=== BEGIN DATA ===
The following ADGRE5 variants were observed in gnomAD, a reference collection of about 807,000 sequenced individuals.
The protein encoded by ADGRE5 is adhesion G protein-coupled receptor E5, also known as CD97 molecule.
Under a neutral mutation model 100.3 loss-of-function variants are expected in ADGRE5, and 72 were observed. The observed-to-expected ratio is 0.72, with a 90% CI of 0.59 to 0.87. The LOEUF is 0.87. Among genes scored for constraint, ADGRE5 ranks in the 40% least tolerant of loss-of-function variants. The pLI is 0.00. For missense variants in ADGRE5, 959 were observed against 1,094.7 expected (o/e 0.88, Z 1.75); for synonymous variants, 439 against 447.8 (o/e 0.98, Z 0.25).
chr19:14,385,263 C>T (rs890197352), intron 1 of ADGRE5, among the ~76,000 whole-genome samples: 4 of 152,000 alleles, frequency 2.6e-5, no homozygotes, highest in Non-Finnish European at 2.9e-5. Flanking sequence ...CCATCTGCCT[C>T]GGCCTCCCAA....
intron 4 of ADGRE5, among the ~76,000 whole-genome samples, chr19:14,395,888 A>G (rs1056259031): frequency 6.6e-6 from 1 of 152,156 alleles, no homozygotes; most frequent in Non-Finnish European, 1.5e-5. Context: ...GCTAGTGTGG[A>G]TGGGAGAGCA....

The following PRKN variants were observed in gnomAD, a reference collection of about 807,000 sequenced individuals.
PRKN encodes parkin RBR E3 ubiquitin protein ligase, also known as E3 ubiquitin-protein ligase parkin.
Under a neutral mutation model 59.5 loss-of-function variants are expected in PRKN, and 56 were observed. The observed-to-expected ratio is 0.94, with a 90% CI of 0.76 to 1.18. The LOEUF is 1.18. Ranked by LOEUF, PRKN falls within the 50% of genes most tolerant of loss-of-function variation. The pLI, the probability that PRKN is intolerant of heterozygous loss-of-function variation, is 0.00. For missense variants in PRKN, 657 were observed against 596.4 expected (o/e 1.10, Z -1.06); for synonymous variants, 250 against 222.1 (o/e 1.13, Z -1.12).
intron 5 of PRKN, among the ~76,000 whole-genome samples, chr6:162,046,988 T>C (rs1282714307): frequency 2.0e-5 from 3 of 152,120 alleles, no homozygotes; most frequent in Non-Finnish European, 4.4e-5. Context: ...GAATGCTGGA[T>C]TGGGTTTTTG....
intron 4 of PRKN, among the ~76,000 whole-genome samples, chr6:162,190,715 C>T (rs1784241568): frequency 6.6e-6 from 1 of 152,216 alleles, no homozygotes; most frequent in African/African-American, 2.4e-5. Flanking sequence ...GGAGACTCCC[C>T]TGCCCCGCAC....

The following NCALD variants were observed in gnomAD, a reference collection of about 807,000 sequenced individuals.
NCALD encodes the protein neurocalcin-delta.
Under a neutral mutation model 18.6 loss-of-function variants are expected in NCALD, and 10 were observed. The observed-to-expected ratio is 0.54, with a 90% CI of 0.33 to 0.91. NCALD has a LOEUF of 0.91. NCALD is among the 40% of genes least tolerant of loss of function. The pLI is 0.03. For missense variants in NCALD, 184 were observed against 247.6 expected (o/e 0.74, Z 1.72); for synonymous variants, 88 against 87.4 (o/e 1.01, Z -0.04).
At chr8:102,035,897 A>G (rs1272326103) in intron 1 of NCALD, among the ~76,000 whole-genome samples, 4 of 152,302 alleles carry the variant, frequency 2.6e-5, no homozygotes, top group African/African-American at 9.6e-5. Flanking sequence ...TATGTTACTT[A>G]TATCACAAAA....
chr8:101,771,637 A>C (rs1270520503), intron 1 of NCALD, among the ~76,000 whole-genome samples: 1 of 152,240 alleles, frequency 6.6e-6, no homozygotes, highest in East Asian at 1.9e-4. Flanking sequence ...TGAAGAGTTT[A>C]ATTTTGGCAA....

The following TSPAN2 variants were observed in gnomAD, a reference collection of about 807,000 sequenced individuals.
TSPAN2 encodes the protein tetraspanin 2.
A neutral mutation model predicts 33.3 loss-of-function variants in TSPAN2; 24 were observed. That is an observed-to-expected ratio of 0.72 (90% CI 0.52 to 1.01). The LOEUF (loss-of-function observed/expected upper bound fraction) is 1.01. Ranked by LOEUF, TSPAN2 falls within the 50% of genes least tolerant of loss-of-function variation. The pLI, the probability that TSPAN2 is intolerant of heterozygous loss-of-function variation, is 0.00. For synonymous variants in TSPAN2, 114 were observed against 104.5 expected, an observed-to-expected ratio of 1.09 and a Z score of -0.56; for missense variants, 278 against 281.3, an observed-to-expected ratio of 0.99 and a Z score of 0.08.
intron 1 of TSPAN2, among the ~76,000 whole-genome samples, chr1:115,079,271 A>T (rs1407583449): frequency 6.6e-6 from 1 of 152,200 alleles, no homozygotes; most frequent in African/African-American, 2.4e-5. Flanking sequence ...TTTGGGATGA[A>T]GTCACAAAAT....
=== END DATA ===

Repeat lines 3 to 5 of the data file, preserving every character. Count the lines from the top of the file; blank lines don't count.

Under a neutral mutation model 100.3 loss-of-function variants are expected in ADGRE5, and 72 were observed. The observed-to-expected ratio is 0.72, with a 90% CI of 0.59 to 0.87. The LOEUF is 0.87. Among genes scored for constraint, ADGRE5 ranks in the 40% least tolerant of loss-of-function variants. The pLI is 0.00. For missense variants in ADGRE5, 959 were observed against 1,094.7 expected (o/e 0.88, Z 1.75); for synonymous variants, 439 against 447.8 (o/e 0.98, Z 0.25).
chr19:14,385,263 C>T (rs890197352), intron 1 of ADGRE5, among the ~76,000 whole-genome samples: 4 of 152,000 alleles, frequency 2.6e-5, no homozygotes, highest in Non-Finnish European at 2.9e-5. Flanking sequence ...CCATCTGCCT[C>T]GGCCTCCCAA....
intron 4 of ADGRE5, among the ~76,000 whole-genome samples, chr19:14,395,888 A>G (rs1056259031): frequency 6.6e-6 from 1 of 152,156 alleles, no homozygotes; most frequent in Non-Finnish European, 1.5e-5. Context: ...GCTAGTGTGG[A>G]TGGGAGAGCA....